Ernest Hausmann checks all the boxes for NU
Story by Shane G. Gilster • Photo by Greg Blobaum
Ernest Hausmann could have been just another statistic in poverty-stricken Uganda. But Bob and Teresa Hausmann of Columbus, Nebraska, didn’t let that happen.
Teresa was a high school exchange student in South Africa and saw the third-world side of Africa first-hand. She never forgot about the orphans she had seen and met during her stay, and made up her mind that someday she would adopt a baby from Africa.
Fast forward, Teresa seized her moment after a telephone conversation she and Bob had with Ernest’s uncle, Peter, and his family in Africa. The conversation was mostly about the time Uganda was in turmoil under the brutal leadership of despot Idi Amin. Then Peter mentioned his sister who lived in a remote Ugandan village where she cared for her children but had little income. She was sick, and he didn’t know what might happen to the kids, the youngest being Ernest who was just 2.
Bob and Teresa looked at each other and knew this was their chance to help. They eventually asked Peter about adoption and he said his sister would be very happy if one of her children could be helped. Two years later, Bob and Teresa had a new son and named him Ernest.
Bob loved sports and having a young son could be a chance to share that passion. But Ernest was essentially handicapped after receiving an injection in his hip. The needle pierced a nerve, causing him to lose control over one of his feet.
But Bob and Ernest didn’t give up. Bob did rehab with Ernest everyday, and the nerves in Ernest’s leg slowly healed. Playing on a Nerf basketball hoop helped little Ernest work on jumping and pushing off with his foot. Bob got his son interested in T-ball, basketball and football even though he was still mostly running on one leg. Ernest’s drive and inner strength were on clear display as he hobbled through games. Then, during a T-ball game, the unexpected happened.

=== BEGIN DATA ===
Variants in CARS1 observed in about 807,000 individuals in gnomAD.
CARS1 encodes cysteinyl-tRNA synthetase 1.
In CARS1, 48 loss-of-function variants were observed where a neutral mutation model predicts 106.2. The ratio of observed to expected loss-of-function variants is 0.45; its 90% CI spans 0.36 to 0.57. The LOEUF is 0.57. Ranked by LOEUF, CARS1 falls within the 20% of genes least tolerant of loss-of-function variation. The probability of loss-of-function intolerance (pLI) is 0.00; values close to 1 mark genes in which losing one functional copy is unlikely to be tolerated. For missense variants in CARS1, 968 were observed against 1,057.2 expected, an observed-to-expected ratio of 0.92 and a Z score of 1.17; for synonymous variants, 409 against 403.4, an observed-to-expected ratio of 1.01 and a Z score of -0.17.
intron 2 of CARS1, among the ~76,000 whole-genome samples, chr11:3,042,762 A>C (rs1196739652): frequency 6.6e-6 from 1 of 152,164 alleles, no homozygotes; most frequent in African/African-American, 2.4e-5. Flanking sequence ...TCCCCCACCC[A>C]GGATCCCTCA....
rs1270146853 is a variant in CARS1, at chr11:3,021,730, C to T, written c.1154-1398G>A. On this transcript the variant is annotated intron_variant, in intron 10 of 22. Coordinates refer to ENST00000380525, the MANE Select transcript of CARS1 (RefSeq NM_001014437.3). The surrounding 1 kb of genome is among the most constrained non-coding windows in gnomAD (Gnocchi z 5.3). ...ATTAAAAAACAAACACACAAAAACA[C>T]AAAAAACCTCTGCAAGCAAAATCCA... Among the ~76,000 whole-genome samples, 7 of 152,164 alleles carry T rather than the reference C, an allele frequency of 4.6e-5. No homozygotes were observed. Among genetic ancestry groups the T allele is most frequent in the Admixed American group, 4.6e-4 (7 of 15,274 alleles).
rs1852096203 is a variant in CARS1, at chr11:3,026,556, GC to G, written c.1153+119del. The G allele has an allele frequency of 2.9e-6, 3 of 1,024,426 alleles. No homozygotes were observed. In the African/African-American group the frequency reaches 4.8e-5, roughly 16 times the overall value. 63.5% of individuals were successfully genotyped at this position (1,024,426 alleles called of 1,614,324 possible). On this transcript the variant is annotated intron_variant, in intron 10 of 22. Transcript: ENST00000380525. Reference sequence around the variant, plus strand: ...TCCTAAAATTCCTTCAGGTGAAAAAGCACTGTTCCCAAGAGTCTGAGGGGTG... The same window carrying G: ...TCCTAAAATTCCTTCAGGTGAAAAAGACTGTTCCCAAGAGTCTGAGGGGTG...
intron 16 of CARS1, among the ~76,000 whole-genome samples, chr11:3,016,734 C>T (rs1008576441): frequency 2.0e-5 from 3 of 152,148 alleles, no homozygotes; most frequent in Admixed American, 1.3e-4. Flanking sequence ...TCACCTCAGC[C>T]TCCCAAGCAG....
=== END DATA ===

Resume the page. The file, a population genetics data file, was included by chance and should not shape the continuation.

“Ernest hit a ball to the pitcher and he was going to have to run pretty hard to make it to first base,” Bob said, describing a scene he will never forget.” As he tried to run, something fired in his foot and he actually ran and beat the throw. My wife and I looked at each other in shock, mouthing the words, ‘He ran!’ After that he just kept getting stronger and faster.”
Ernest developed into such an athlete that he could excel at any sport, but it was football that he gravitated to above others. He eventually exhibited enough talent as a sophomore at Columbus High School to draw interest from Division I coaches. As a sophomore, he started at cornerback for the Discoverers and showed the ability to shut down the opponent’s top receiver.
“He was so athletic and strong that he started at cornerback. He is pretty fast, around that 4.5 range,” said Columbus coach Craig Williams. “In our district, we played Creighton Prep, Omaha Westside, Elkhorn South and Millard South, so he got a lot of challenges out there. In the offseason he bulked up putting on 20 pounds of muscle allowing us to move him from corner to outside linebacker as a junior.
Eventually, his coaches put him wherever they needed to best slow down the opponent.
“We put him on the line to help control the edge. We blitzed him. We dropped him back to the safety spot when we wanted to play with two safeties,” Williams said. “He is so versatile and athletic.”